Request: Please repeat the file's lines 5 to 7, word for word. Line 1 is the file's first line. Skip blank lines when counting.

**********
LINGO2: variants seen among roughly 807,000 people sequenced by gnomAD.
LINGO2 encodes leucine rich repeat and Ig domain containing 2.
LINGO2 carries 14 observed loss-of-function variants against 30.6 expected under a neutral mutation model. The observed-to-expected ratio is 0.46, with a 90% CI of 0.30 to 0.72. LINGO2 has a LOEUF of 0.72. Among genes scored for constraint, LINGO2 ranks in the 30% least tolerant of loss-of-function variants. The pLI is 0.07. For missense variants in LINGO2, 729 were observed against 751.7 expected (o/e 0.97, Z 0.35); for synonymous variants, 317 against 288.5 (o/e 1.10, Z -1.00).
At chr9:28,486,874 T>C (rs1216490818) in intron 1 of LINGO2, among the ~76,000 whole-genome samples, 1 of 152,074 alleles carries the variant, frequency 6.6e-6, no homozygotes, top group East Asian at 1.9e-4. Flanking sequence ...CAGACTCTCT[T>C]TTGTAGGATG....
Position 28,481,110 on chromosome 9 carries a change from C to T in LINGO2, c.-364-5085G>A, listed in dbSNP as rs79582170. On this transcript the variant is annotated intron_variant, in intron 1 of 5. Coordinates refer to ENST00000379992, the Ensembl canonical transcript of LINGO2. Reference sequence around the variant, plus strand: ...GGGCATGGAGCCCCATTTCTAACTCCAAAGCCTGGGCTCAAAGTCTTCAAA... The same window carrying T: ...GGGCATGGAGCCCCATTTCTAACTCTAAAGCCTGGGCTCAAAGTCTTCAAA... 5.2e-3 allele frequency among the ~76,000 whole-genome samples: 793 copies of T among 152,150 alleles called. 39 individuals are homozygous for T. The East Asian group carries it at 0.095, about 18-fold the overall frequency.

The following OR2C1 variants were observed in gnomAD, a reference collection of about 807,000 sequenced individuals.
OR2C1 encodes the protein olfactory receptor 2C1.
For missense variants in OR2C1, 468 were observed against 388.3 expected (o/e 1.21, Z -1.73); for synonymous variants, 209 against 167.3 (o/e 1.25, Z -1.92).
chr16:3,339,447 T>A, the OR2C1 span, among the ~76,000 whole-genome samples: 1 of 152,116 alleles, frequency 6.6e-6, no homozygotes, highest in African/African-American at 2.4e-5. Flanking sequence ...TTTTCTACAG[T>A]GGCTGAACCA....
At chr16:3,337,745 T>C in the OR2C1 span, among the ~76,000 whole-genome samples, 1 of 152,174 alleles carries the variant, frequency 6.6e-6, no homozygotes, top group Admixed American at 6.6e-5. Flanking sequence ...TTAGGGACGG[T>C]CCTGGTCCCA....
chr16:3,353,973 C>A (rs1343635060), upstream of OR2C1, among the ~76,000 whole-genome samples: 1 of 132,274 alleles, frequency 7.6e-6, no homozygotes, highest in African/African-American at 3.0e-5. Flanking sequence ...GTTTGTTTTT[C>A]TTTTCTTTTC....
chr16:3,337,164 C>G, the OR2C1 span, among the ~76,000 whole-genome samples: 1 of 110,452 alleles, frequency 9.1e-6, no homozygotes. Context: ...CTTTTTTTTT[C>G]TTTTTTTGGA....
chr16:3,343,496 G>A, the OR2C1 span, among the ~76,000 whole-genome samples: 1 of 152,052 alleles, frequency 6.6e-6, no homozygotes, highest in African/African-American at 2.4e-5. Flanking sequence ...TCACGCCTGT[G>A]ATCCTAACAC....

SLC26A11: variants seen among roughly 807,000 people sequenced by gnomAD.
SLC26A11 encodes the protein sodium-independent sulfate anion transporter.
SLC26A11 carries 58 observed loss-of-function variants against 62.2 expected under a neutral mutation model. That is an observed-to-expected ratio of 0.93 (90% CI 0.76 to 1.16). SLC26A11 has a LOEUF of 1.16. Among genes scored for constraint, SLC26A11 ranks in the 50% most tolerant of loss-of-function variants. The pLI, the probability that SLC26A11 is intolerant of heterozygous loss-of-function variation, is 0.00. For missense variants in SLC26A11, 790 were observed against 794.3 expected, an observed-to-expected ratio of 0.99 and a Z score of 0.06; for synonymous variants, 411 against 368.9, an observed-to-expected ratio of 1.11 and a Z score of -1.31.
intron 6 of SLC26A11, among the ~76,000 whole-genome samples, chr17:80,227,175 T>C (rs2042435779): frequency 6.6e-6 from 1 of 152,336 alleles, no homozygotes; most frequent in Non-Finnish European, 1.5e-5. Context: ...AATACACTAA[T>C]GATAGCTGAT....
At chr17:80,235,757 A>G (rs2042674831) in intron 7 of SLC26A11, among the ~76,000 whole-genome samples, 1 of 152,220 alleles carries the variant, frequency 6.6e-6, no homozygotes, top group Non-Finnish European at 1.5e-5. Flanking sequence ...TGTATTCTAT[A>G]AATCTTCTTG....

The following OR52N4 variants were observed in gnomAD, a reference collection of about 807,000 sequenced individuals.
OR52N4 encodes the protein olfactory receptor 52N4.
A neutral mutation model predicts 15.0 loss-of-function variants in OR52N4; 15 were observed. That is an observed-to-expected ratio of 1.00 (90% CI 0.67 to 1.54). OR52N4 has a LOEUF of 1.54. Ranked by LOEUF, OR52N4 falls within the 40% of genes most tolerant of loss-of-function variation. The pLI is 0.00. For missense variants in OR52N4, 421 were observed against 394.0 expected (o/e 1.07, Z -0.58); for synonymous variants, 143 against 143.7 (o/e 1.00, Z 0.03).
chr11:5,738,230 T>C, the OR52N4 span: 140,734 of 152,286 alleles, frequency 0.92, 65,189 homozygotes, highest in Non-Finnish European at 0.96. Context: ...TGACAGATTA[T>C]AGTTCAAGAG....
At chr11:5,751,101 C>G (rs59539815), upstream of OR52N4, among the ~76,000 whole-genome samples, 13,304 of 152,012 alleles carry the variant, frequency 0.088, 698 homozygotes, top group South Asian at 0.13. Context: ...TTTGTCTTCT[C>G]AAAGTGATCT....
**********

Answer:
Position 28,481,110 on chromosome 9 carries a change from C to T in LINGO2, c.-364-5085G>A, listed in dbSNP as rs79582170. On this transcript the variant is annotated intron_variant, in intron 1 of 5. Coordinates refer to ENST00000379992, the Ensembl canonical transcript of LINGO2. Reference sequence around the variant, plus strand: ...GGGCATGGAGCCCCATTTCTAACTCCAAAGCCTGGGCTCAAAGTCTTCAAA... The same window carrying T: ...GGGCATGGAGCCCCATTTCTAACTCTAAAGCCTGGGCTCAAAGTCTTCAAA... 5.2e-3 allele frequency among the ~76,000 whole-genome samples: 793 copies of T among 152,150 alleles called. 39 individuals are homozygous for T. The East Asian group carries it at 0.095, about 18-fold the overall frequency.

The following OR2C1 variants were observed in gnomAD, a reference collection of about 807,000 sequenced individuals.
OR2C1 encodes the protein olfactory receptor 2C1.